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Gina Mitten's husband may give her inside track in race to succeed Steve Brown

This article first appeared in the St. Louis Beacon, Aug. 28, 2009 - Richmond Heights councilwoman Gina Mitten is among several Democrats -- including Stacey Newman -- who are seeking to fill the 73rd state House seat held by Democrat Steve Brown, who resigned Tuesday after pleading guilty to a felony charge.

Newman is executive director of the political action committee Harriett's List, and lost to Brown in last summer's primary for the 73rd Democratic nomination. Gina Mitten -- a councilwoman for five years and a lawyer in Clayton -- was an early contender for that 2008 legislative contest, but dropped out before candidate filing.

This time, Gina Mitten may have an edge over her rivals because the Hadley Township Democratic committeeman is her husband, Nelson Mitten. Under the weighted formula used by township committeepeople in the 73rd to select the Democratic nominee, Nelson Mitten will cast 34 percent of the votes.

Nelson Mitten, also a Clayton lawyer, emphasized Thursday that he is the duly elected township committeeman and, as such, will simply be exercising his statutory role in helping to select his party's nominee for the Nov. 3 special election set for filling Brown's vacancy.

"I will vote for whom I believe is the best qualified,'' he said. But Nelson Mitten also acknowledged that it's "a pretty good assumption'' that he's leaning toward his wife.

Gina Mitten said, "I know some people are trying to make hay out this,'' and added that "if I had my druthers, I would prefer that he not'' have such a prominent role in selecting the 73rd District nominee.

But she noted that the selection process is set by state law.

By law, the three townships in the 73rd District each get a share of the candidate-nomination votes based on the turnout for governor last year. Each party's township committeeman and committeewoman -- last elected in last summer's primaries -- will cast the nomination votes.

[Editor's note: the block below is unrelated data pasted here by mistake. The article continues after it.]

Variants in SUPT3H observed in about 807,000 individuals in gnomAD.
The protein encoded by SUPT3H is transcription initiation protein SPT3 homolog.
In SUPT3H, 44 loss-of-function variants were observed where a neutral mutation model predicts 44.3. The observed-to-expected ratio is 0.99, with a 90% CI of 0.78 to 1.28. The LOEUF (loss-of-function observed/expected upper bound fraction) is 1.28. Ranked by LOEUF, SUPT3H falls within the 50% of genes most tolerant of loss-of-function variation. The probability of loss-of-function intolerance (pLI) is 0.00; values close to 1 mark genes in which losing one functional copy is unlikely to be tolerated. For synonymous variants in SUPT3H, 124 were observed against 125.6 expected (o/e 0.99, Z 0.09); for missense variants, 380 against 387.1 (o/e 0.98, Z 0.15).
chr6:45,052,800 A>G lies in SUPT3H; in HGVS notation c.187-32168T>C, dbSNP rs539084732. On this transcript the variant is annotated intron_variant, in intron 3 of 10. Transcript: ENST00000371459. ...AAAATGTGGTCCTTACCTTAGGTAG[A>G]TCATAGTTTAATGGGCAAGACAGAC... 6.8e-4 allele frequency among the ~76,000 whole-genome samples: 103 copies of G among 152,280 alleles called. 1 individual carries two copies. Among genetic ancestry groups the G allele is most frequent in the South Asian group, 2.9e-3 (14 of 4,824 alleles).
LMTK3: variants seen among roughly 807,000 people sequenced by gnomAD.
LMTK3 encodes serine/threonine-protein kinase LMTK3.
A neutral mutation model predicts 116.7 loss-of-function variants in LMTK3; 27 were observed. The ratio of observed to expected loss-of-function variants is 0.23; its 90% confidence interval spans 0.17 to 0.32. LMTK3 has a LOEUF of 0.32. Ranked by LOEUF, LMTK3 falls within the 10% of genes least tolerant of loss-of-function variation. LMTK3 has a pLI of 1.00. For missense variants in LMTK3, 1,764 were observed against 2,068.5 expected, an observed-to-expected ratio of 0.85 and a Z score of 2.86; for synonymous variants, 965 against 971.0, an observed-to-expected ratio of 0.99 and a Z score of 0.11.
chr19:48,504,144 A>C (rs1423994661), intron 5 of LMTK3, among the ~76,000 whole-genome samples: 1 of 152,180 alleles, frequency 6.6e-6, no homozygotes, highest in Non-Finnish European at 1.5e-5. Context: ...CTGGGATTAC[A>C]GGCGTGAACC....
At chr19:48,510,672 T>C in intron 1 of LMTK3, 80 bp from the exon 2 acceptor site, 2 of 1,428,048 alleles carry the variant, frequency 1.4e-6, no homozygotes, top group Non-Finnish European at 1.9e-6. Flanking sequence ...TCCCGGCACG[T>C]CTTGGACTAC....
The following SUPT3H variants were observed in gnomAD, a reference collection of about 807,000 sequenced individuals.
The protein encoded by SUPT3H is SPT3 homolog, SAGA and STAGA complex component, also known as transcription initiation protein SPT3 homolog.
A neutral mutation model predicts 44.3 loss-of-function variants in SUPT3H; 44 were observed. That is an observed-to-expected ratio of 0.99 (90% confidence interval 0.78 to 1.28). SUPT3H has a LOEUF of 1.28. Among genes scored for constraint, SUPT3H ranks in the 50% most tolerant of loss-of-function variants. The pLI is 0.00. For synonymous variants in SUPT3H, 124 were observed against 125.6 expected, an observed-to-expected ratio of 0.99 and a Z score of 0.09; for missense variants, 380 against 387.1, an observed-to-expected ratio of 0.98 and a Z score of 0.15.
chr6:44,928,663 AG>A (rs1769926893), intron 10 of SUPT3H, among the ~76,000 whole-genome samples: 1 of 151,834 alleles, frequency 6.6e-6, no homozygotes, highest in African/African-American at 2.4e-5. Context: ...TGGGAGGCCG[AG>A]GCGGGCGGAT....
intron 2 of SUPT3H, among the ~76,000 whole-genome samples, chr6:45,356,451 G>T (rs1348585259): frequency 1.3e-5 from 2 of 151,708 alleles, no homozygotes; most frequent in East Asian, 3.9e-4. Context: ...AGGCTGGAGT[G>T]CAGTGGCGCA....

Under that formula, Hadley Township's two committeepeople in each party will wield 68 percent of the votes (34 percent apiece) to determine their party's nominee. For the Democrats, those committeepeople are Nelson Mitten and Susan Carlson.

The two committeepeople in Clayton Township will cast 28 percent of the nomination votes, and their counterparts in Jefferson Township will provide the remaining 4 percent.

Newman would say only, "I respect the process."

Nelson Mitten said that at least four other Democrats have inquired about making a bid for the 73rd: Deb Dubin, Rhea Beck Kleeman, Harold Sanger and Paul Lore.

The winning candidate will need to snag a majority of the nomination votes, which Nelson Mitten said underscored that any of the contenders have a chance.

In any case, the three townships' committeepeople are to make their decision shortly. Nelson Mitten expects the vote to select the Democratic nominee to take place by Sept. 8.

Jo Mannies has been covering Missouri politics and government for almost four decades, much of that time as a reporter and columnist at the St. Louis Post-Dispatch. She was the first woman to cover St. Louis City Hall, was the newspaper’s second woman sportswriter in its history, and spent four years in the Post-Dispatch Washington Bureau. She joined the St. Louis Beacon in 2009. She has won several local, regional and national awards, and has covered every president since Jimmy Carter. She scared fellow first-graders in the late 1950s when she showed them how close Alaska was to Russia and met Richard M. Nixon when she was in high school. She graduated from Valparaiso University in northwest Indiana, and was the daughter of a high school basketball coach. She is married and has two grown children, both lawyers. She’s a history and movie buff, cultivates a massive flower garden, and bakes banana bread regularly for her colleagues.